St. Louis County Executive Steve Stenger said Thursday he will seek $3 million to study three new MetroLink routes, but not the north-south expansion, which St. Louis Mayor Francis Slay says is key to redeveloping north St. Louis.
Stenger said the north-south route already has been the subject of one study, and the other routes need to be examined before he decides which route to support, whether that be one of the three or the north-south extension.
The north-south route — a 17-mile line estimated to cost $2.2 billion that would stretch from north St. Louis County near the Florissant Valley campus of St. Louis Community College, into downtown and south St. Louis and down Interstate 55 to Bayless Avenue — was studied in 2008.
But it requires further analysis, something $2 million from the city of St. Louis treasurer’s office is expected to help fund.
So before endorsing any route, Stenger wants to examine three others: the “Daniel Boone” from Clayton to Westport; “MetroNorth” from the North Hanley station to Interstate 270; and “MetroSouth,” from the Shrewsbury station to Butler Hill Road. The MetroSouth route is the only one of the three in which a portion runs through the city of St. Louis.
Last spring, Stenger said he would choose one of the three alternatives to the north-south route for a $1 million study. The county sought public comment about which to pursue, but no route rose above the rest in responses.
“It was pretty even among all the routes,” Stenger said, which is why he decided all three corridors warranted a closer look.
The lack of consensus between Stenger and Slay about MetroLink expansion was highlighted this week when a letter written by Stenger to the Federal Transit Administration, in which he said he will not endorse the north-south route until other proposed routes are studied, was widely circulated.
Stenger’s letter came in response to a $530,000 grant application to study the route that included Slay’s signature.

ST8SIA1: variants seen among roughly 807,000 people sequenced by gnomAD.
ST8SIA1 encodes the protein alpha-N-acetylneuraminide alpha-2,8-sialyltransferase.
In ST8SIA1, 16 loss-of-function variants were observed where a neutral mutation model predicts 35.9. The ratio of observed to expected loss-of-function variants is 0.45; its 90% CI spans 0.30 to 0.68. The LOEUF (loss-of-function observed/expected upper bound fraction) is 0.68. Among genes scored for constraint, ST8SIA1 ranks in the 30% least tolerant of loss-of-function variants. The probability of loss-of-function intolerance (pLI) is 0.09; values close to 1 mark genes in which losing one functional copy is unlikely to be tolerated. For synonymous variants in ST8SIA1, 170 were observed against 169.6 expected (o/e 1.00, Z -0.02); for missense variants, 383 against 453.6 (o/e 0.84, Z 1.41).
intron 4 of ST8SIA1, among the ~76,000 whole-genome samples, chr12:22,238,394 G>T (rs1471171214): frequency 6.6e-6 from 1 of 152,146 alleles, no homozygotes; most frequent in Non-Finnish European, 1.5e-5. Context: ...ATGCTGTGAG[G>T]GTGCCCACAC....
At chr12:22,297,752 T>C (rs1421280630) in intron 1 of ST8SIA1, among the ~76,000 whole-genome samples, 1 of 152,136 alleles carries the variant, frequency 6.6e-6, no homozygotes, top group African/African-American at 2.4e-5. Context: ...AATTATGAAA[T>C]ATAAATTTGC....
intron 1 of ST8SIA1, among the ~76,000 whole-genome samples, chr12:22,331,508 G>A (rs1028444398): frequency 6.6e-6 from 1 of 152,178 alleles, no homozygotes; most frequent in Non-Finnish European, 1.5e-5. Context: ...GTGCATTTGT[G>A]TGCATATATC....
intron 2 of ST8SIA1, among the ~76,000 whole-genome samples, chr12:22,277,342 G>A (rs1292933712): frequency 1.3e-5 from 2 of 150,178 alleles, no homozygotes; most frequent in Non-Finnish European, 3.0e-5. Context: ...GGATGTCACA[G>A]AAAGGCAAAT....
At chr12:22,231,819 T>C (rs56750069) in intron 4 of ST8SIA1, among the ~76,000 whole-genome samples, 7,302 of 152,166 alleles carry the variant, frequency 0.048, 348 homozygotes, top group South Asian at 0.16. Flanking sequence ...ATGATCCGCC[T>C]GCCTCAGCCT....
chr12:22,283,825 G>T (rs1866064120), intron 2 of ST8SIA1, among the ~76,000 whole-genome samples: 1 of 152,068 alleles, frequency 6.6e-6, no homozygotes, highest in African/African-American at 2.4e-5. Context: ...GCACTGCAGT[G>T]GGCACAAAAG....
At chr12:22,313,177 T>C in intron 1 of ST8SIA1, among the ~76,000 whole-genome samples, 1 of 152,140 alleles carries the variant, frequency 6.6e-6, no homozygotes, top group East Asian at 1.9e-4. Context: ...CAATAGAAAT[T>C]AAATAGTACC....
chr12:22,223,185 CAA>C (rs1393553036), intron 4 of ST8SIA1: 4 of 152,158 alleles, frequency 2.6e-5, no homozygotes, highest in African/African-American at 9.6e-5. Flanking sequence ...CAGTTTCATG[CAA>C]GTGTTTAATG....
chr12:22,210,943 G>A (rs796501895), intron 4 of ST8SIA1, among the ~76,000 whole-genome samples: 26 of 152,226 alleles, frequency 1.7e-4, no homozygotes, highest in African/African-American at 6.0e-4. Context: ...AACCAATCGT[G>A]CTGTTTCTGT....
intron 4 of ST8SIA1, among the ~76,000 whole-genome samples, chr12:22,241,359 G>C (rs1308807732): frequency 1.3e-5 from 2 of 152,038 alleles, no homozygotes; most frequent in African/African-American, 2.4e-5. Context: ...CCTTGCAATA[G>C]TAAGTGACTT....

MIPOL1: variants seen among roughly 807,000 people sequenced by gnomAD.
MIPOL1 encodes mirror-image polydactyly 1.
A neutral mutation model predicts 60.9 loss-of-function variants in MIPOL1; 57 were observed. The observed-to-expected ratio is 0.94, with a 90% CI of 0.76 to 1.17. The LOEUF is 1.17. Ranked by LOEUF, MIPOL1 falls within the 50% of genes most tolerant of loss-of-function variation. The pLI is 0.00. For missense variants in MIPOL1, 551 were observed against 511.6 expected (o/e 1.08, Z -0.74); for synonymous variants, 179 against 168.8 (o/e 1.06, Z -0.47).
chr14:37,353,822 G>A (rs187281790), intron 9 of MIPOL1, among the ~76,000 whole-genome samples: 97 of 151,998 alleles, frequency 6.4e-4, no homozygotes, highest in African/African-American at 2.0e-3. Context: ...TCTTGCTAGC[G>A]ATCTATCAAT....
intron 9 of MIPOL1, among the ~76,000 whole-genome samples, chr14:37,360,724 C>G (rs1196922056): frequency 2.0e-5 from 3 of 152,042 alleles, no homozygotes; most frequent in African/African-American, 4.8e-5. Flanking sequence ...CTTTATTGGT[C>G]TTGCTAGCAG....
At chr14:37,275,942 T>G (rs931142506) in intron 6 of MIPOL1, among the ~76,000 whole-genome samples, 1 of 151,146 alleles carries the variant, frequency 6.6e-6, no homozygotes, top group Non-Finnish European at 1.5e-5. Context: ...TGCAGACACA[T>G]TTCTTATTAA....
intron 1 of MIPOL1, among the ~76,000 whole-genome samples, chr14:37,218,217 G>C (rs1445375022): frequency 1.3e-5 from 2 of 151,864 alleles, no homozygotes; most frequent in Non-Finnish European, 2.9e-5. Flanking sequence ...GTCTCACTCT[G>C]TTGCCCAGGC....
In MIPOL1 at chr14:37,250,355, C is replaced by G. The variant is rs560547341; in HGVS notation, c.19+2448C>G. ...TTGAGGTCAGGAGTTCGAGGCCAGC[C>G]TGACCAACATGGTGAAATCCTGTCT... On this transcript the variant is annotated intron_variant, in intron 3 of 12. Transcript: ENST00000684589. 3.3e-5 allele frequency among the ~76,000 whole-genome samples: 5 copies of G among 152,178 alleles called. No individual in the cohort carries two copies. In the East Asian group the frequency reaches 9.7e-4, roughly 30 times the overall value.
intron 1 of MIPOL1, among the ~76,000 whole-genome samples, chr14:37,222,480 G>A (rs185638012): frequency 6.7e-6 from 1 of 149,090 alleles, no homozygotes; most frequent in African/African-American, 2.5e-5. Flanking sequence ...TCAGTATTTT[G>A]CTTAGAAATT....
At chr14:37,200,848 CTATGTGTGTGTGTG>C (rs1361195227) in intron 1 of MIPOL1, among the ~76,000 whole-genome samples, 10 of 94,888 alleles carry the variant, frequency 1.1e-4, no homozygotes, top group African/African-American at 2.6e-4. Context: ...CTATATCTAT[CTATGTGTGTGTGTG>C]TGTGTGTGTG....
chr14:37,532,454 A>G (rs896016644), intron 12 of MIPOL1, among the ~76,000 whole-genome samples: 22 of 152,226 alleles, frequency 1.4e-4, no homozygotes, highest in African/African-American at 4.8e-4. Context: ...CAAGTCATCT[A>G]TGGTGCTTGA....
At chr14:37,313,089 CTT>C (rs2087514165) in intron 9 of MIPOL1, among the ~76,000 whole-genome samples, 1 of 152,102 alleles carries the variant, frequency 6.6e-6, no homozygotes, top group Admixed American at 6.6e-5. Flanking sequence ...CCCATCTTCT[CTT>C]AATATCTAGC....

“When one group declares regional priorities to the exclusion of key stakeholders we become divided,” Stenger tweeted Thursday.
Slay a few days earlier signaled his support for north-south remained strong, tweeting his thanks to the Rev. Starsky Wilson, a co-chair of the Ferguson Commission, “for reminding us that the region has a plan to move forward. It includes N/S MetroLink.”
Slay’s spokeswoman on Thursday said he did not want to comment on Stenger’s decision of which routes to study.
And the north-south line could get some financial help from the city.
Calling that extension one of the most important projects in the region, Treasurer Tishaura Jones supports giving $2 million in parking revenue toward studying the line.
“We committed to funding the study because we are interested in ensuring future parking needs are coordinated with public transit development,” her office said in a statement Thursday.
Such a move would require the approval of the St. Louis Parking Commission, whose next meeting is in August.
Stenger is set to ask the County Council for $3 million from proceeds of Proposition A, a half-cent mass transit sales tax approved by voters in 2010, at the council’s meeting Tuesday.
The fund contains about $46 million.
The studies are required to secure federal funding that will be an important part of any MetroLink expansion, Stenger said, and will show which routes are most likely to qualify for those federal dollars.
St. Louis County is working with the East-West Gateway Council of Governments to issue a request for proposals for consultants to perform the study, a process that East-West Gateway will coordinate.
The request for proposals should be ready in three weeks.